A less discussed aspect of moral injury is shaming in the healthcare profession. The best discussion of the issue is this recent video from Dr. Zubin Damania. He interviews Dr. Emily Silverman, a UCSF hospital physician and host of the popular podcast The Nocturnists. They dive into shame and emotional repression in doctors, healthcare professionals, and beyond. It is a lengthy discussion but well worth the investment of your time. (And read the comments thread too. Interesting observations from healthcare professionals worldwide on the shaming issues they’ve faced.)
If you want to learn more about the topic, here are some additional resources to explore:
- The Nocturnist Shame Series
- More on Dr. Silverman
- The Shame Space – An international network of professionals who use creative storytelling and research to advance shame awareness, shame resilience, and shame-sensitive practice in healthcare, with the overarching goal of creating more connected, authentic, and safe healthcare systems for all. The Shame Space was formed in 2022 by scholars studying shame at the University of Exeter, Duke University, and Duke-NUS Medical School.
The seriousness of this issue was reinforced last week in an article written by Michael Dowling, President & CEO, Northwell Health, in Beckers Healthcare titled: The unthinkable priority now facing hospitals.
In his opinion piece, Dowling highlights this “additional and disturbing priority — one that, I would argue, we never imagined. We now must protect our hospital patients and employees from the growing threat of intimidation and violence. There has been a dramatic spike in staff assaults, with many leading to serious injury and some leading to death.” (How have we gone from nightly 7 pm balcony applause and cheering for healthcare workers during the pandemic to physical assaults in their workplace?)
The number of injuries from violent attacks against medical professionals was already on the rise pre-pandemic, increasing 86 percent from 2011 to 2018, according to the Bureau of Labor Statistics. In a spring 2022 survey by National Nurses United, nearly half of the hospital nurses (48 percent) reported rising workplace violence, more than double the 21.9 percent who responded as such a year prior.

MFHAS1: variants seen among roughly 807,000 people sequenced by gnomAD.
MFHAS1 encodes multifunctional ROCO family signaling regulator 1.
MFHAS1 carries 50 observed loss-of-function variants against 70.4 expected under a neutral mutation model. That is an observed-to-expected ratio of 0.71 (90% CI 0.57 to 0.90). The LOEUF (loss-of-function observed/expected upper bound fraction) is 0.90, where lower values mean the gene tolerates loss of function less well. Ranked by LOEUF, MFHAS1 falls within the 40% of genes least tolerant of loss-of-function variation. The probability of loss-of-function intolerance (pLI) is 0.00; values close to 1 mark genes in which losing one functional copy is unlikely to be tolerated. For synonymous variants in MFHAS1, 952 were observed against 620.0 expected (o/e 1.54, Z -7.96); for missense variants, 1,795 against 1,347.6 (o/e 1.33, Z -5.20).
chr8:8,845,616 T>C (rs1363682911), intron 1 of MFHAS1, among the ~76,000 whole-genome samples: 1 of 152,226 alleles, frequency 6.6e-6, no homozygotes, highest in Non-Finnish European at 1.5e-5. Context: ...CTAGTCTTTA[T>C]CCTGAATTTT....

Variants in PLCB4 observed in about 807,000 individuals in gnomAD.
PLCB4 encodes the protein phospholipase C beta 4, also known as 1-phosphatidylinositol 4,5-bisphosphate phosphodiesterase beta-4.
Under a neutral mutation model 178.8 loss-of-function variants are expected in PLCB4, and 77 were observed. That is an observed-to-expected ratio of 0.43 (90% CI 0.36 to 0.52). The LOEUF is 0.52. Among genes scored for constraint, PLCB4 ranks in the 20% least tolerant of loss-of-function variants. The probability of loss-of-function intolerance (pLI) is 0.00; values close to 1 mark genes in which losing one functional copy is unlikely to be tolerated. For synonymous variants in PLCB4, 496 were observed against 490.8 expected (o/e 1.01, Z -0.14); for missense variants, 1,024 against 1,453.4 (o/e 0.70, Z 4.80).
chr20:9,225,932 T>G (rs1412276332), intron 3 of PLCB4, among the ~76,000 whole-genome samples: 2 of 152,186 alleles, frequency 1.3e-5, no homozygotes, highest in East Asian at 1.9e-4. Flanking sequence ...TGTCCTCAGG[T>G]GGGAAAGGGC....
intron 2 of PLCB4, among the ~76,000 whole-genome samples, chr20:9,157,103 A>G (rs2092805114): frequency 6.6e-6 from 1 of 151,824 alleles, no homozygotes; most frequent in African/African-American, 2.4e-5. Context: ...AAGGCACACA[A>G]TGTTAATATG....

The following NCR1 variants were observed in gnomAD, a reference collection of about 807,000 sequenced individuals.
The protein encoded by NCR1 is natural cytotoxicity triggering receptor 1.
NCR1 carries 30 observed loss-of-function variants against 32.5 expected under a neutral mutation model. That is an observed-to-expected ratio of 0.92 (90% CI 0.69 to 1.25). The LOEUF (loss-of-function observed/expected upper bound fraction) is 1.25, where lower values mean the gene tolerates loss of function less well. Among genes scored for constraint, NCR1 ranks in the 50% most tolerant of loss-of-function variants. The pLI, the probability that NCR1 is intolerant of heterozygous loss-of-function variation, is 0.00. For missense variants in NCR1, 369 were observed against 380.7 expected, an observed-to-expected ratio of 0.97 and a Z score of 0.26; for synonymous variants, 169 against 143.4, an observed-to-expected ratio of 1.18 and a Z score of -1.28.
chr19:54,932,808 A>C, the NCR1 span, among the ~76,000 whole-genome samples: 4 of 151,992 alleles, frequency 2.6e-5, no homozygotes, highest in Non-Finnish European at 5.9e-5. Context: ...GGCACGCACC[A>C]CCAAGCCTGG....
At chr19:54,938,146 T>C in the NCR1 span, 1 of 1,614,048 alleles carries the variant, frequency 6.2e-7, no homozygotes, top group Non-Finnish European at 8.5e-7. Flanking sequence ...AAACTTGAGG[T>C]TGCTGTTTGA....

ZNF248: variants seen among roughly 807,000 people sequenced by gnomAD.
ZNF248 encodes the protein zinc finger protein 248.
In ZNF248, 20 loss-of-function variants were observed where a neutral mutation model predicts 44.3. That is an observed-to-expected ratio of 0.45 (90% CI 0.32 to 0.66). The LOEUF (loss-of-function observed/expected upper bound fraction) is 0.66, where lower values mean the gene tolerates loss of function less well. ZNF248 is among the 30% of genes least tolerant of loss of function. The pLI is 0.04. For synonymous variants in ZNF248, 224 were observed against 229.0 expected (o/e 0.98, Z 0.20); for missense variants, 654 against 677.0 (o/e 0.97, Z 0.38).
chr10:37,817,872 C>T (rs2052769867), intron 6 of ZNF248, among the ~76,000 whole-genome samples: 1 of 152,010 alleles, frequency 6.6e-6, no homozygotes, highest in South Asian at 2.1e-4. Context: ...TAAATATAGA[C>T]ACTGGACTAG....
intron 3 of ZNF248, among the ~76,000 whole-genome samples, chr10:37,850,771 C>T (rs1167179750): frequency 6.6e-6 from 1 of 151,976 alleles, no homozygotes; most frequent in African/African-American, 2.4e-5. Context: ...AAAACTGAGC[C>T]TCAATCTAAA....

Dowling has already taken action to address the problem. At Northwell, they call this new priority “The Safe Place Initiative.” It includes the following actions, investments, and measures:
- An investment in educating visitors, patients, and team members on proper behavior and how to promote dignity, respect, and understanding. Thousands of pieces of informational signage and posters are prominently displayed, emphasizing that harassment and verbal or physical assault will not be tolerated. Signs are also on display that reminds all visitors that this healing place — the hospital and ambulatory facility are weapon-free zones.
- A comprehensive investment in training employees on what to do in a potential active shooter situation, on how to de-escalate a potentially violent situation, and on how to “stop the bleed” in the case of such a circumstance. Over 50,000 of our employees have already received this training.
- The enhancement of security in all locations by increasing the presence of security personnel, as well as increasing video surveillance and alarm systems.
- The installation of weapon detection technology at the entrance of our facilities.
- Education for staff on how to recognize signs of domestic and partner violence and enhanced support offerings to team members impacted by such violence.
I have tremendous respect for the work that Mr. Dowling is doing at Northwell. Action, not just words. Leadership, not just platitudes. We need more of this.
I’m not sure that I have good answers to these critical issues. I suspect that there is not one solution that will fit every situation. But my hope in writing this post is to raise awareness of the seriousness of these issues, put a different frame around the various elements, and drive a deeper conversation around how we can solve these challenges before we lose more dedicated professionals because of frustration, exhaustion, and intimidation. These good people deserve nothing less.